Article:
MPs vote to open online specs sales

New consumer law will give consumers ‘€1billion back in their pockets’ with raft of changes agreed

17 December 2013

MOVES to beef up consumer law have been approved by MPs and could see a 25% price cut in spectacles, easing of restrictions in the insurance market, the launching of group legal actions and restaurants obliged to say if their meals are home-made.

MPs backed the second reading of the planned consumer law and it will now go to the Senate next month for final approval. If the two houses cannot agree on the same wording then the MPs have the final say.

Opticians could feel the brunt quickest as the law specifically opens up internet sales and also says ophthalmologists will have to include the distance between the pupils on the prescription – a vital measurement to ensure glasses fit properly and do not strain the eyes.

At present this measurement is done by opticians and they have strongly opposed the opening up of the market. Internet suppliers have gotten round the restriction by asking customers to send a photograph with a ruler held above their eyes.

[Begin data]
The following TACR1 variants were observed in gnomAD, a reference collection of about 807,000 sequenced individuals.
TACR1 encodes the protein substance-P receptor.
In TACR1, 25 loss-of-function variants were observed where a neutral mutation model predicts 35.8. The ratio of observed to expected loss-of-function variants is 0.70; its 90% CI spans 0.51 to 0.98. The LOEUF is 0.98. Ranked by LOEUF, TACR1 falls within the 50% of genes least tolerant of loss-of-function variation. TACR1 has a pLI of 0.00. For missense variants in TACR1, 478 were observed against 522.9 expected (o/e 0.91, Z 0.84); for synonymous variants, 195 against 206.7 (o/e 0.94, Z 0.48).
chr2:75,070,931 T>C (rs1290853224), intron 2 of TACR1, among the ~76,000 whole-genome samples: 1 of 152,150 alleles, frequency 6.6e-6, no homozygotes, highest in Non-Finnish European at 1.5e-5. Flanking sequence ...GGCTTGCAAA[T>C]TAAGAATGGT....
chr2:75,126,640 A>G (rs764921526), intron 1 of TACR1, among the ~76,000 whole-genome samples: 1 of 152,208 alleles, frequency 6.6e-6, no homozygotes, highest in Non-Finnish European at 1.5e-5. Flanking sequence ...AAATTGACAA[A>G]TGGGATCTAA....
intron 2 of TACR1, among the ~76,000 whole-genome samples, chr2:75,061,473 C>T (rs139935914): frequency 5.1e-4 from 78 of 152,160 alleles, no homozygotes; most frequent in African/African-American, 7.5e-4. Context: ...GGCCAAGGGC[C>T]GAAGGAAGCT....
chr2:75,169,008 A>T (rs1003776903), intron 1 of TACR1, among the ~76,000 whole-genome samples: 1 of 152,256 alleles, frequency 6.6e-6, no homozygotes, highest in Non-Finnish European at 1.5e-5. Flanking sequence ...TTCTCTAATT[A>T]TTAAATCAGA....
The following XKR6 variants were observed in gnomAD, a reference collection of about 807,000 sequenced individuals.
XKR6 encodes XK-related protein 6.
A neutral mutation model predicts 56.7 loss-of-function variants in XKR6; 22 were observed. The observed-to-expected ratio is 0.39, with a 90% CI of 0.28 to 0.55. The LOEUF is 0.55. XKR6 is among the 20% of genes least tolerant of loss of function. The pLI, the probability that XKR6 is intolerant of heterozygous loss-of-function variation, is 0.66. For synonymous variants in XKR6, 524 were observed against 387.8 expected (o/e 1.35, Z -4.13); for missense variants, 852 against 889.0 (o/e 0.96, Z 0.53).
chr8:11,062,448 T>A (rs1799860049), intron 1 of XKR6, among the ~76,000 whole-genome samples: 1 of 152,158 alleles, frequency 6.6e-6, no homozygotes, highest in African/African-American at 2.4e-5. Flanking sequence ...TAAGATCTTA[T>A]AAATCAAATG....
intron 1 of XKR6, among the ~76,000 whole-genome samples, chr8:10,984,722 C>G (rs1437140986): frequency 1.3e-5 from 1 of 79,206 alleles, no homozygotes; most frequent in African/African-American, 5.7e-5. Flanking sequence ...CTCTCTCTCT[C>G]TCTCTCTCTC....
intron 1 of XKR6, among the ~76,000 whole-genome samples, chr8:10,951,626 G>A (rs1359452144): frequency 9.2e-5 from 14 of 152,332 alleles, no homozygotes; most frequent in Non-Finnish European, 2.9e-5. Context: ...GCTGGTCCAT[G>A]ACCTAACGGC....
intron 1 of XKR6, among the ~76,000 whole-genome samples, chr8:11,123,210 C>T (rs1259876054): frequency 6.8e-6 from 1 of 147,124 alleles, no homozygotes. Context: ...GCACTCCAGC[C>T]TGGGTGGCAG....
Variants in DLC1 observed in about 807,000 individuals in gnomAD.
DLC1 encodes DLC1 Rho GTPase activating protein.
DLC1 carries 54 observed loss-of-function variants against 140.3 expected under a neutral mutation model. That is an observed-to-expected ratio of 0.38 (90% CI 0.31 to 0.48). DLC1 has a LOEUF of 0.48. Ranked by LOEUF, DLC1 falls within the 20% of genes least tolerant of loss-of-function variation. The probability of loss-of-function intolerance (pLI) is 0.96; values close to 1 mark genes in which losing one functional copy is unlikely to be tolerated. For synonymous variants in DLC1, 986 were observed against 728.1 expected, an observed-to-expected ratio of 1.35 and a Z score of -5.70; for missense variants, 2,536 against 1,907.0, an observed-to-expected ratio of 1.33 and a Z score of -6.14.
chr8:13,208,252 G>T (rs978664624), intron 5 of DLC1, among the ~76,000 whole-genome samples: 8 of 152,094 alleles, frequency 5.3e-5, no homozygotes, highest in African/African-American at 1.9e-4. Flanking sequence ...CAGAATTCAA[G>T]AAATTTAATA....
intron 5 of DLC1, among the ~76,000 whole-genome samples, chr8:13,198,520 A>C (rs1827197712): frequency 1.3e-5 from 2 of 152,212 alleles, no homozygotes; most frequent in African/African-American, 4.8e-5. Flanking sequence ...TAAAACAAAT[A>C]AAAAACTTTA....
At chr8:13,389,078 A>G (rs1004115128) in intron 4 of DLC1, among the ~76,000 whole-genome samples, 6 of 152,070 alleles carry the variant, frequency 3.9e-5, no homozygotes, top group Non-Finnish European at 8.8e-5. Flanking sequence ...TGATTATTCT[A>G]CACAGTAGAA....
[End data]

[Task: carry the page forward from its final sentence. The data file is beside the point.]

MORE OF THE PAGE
Surveys have shown that an average pair of specs costs €470 in France – twice the price of other European countries – and this will encourage online sales. Consumer Affairs Minister Benoît Hamon said this change could put “€1billion back into consumers’ pockets”.

Insurance contracts will be easier to cancel in another measure which allows customers to cancel at any time after the first year and not, as at present, only on the contract anniversary. Mortgage insurance will also be eased, with borrowers given a year in which to renegotiate cheaper cover.

Aggrieved consumers will also be able to join together to launch group actions against companies – although they will have to do so under the umbrella of a recognised consumer organisation. Health and environmental complaints are excluded.

The increase of ‘boil-in-the-bag restaurants’, where chefs offer heated-up frozen food, has prompted a move to oblige restaurants and takeaways to indicate if a dish is “home-made” – made on-site from the basics.

Meat suppliers will also be obliged to indicate the country of origin of all meats and all meat products.

Online purchases will also be protected with the cancellation period rising from the present seven to 14 days. The law also reduces the customer’s responsibility in the event of loss or damage in delivery.

MPs voted by a majority to allow pregnancy tests to be sold in supermarkets, ending pharmacies’ monopoly.

Measures to counter planned obsolescence of products mean manufacturers will be obliged to show a projected date for the continuation of supply of spare parts.

Previous article:
Watchdog attacks high cost of specs

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